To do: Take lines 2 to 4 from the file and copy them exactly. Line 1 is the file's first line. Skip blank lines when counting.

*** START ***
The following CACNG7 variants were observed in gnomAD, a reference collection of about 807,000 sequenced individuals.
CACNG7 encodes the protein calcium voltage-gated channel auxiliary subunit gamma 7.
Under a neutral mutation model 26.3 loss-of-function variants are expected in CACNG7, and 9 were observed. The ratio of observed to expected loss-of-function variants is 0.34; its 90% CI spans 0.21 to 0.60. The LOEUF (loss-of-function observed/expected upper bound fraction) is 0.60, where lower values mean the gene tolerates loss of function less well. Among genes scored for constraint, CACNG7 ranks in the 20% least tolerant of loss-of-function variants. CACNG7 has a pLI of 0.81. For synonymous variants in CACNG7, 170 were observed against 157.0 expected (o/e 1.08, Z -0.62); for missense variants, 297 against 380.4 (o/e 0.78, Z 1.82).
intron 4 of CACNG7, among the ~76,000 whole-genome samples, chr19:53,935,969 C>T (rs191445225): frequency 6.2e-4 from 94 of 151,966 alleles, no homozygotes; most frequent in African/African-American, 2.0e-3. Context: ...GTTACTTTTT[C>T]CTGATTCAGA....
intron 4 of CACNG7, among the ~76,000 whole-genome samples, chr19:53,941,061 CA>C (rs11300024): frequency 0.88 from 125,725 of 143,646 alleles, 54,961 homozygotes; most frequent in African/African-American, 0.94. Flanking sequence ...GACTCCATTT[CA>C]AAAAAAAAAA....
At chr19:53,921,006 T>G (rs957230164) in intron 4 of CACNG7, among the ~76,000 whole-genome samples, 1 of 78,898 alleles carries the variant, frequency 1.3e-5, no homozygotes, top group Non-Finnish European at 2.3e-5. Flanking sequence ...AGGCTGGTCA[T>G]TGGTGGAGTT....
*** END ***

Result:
CACNG7 encodes the protein calcium voltage-gated channel auxiliary subunit gamma 7.
Under a neutral mutation model 26.3 loss-of-function variants are expected in CACNG7, and 9 were observed. The ratio of observed to expected loss-of-function variants is 0.34; its 90% CI spans 0.21 to 0.60. The LOEUF (loss-of-function observed/expected upper bound fraction) is 0.60, where lower values mean the gene tolerates loss of function less well. Among genes scored for constraint, CACNG7 ranks in the 20% least tolerant of loss-of-function variants. CACNG7 has a pLI of 0.81. For synonymous variants in CACNG7, 170 were observed against 157.0 expected (o/e 1.08, Z -0.62); for missense variants, 297 against 380.4 (o/e 0.78, Z 1.82).
intron 4 of CACNG7, among the ~76,000 whole-genome samples, chr19:53,935,969 C>T (rs191445225): frequency 6.2e-4 from 94 of 151,966 alleles, no homozygotes; most frequent in African/African-American, 2.0e-3. Context: ...GTTACTTTTT[C>T]CTGATTCAGA....